Daring to Defend the Federal Bureaucracy

Charles S. Clark | Government Executive | August 2, 2017

In an age where “unelected bureaucrats” is a common Washington epithet, give credit to a law professor, former college president and experienced federal manager for cutting against the grain. “The need for a robust civil service has never been greater,” writes Paul R. Verkuil in Valuing Bureaucracy: The Case for Professional Government. “To be effective, government must be run by professional managers,” says the former president of William and Mary College who served five years in the Obama administration as chairman of the Administrative Conference of the United States.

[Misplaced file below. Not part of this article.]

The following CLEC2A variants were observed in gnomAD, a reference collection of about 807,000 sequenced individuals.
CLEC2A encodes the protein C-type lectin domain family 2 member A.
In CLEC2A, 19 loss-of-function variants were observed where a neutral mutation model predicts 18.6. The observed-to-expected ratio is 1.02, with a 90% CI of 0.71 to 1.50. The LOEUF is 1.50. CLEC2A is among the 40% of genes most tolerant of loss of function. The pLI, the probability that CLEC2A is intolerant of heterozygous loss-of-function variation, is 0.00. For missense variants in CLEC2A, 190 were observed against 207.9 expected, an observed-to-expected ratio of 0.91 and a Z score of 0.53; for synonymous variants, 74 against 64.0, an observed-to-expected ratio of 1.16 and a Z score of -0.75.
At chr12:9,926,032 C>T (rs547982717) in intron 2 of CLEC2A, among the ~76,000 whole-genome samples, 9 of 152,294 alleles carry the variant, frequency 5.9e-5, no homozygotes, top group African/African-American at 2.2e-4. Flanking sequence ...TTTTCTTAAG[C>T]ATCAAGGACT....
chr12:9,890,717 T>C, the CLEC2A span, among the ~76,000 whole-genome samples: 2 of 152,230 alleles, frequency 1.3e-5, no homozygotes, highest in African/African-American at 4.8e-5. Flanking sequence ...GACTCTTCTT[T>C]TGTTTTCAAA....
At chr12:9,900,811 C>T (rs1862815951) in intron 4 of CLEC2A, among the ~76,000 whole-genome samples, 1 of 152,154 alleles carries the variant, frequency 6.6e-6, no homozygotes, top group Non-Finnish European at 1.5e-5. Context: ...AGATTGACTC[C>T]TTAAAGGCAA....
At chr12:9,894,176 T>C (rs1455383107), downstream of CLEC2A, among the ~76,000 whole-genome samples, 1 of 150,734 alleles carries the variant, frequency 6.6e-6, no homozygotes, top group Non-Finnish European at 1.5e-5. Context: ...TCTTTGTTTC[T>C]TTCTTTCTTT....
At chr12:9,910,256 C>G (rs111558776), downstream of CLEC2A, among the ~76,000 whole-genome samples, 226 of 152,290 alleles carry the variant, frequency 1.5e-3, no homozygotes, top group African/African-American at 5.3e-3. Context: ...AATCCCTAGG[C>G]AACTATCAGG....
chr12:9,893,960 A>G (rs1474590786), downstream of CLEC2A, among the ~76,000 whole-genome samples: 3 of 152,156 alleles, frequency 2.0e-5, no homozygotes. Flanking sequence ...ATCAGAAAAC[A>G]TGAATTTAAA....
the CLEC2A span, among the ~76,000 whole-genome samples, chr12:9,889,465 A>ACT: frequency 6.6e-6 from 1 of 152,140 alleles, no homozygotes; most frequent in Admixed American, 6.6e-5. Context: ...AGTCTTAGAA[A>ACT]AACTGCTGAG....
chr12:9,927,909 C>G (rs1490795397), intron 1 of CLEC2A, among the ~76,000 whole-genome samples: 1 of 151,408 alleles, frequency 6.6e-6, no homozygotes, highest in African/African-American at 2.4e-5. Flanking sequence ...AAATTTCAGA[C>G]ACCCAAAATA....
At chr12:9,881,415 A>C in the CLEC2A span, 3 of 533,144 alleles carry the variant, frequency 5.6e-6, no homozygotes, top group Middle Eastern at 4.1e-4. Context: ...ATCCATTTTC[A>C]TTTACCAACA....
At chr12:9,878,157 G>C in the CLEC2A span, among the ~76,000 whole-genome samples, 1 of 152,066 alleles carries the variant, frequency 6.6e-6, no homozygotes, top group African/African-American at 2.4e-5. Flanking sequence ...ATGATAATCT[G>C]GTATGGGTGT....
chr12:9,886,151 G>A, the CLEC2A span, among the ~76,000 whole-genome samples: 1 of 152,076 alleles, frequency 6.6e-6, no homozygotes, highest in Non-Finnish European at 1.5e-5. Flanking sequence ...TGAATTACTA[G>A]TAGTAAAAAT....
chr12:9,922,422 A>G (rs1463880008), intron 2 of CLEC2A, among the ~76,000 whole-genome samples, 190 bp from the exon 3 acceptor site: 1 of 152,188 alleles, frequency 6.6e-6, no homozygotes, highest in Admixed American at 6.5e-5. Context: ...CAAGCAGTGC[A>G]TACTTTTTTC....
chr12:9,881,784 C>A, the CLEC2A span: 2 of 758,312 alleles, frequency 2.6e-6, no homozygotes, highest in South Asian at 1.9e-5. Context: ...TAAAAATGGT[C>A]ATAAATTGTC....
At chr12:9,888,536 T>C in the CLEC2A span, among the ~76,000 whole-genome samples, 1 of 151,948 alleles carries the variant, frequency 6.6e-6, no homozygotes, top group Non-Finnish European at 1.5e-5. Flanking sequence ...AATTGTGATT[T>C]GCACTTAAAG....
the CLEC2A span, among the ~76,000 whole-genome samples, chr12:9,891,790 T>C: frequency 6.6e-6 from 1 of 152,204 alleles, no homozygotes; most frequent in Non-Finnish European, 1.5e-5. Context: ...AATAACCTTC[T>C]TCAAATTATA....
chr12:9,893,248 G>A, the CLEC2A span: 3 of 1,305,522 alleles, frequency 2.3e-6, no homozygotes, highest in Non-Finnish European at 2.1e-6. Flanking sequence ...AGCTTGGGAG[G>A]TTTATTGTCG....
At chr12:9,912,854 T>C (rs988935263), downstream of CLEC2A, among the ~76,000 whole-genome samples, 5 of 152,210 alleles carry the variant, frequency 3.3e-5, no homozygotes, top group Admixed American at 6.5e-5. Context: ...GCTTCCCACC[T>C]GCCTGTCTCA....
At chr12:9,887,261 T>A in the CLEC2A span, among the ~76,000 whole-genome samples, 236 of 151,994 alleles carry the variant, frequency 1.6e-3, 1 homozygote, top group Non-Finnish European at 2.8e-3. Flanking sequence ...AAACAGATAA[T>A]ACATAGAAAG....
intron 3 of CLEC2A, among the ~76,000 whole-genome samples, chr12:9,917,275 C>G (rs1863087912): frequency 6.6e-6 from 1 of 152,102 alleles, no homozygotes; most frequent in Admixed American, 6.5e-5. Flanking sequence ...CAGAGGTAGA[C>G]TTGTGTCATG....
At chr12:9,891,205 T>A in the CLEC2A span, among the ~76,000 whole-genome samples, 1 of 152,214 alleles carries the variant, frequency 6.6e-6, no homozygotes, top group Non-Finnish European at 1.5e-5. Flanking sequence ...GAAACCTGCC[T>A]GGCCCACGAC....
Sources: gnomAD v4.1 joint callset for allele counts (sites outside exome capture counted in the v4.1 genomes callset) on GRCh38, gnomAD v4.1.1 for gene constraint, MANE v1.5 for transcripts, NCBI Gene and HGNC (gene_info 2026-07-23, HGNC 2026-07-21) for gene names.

“When decisions that should be taken by government officials are delegated to private contractors without adequate oversight, the public interest is jeopardized.” Most of Verkuil’s book—researched with an array of good-government groups and scholars—was prepared before the election. So he had to rush an opening chapter on the Trump phenomenon.

In this new era, he said, “policy expertise, what professionals embody, may be something that Trump appointees do not value.” The evidence, Verkuil told Government Executive, is clear in the completed or looming employee dismissals at agencies such as the Environmental Protection Agency and the General Services Administration, and in the Trump team’s ill-fated effort to demand the names of Energy Department employees and contractors who participated in climate change activities...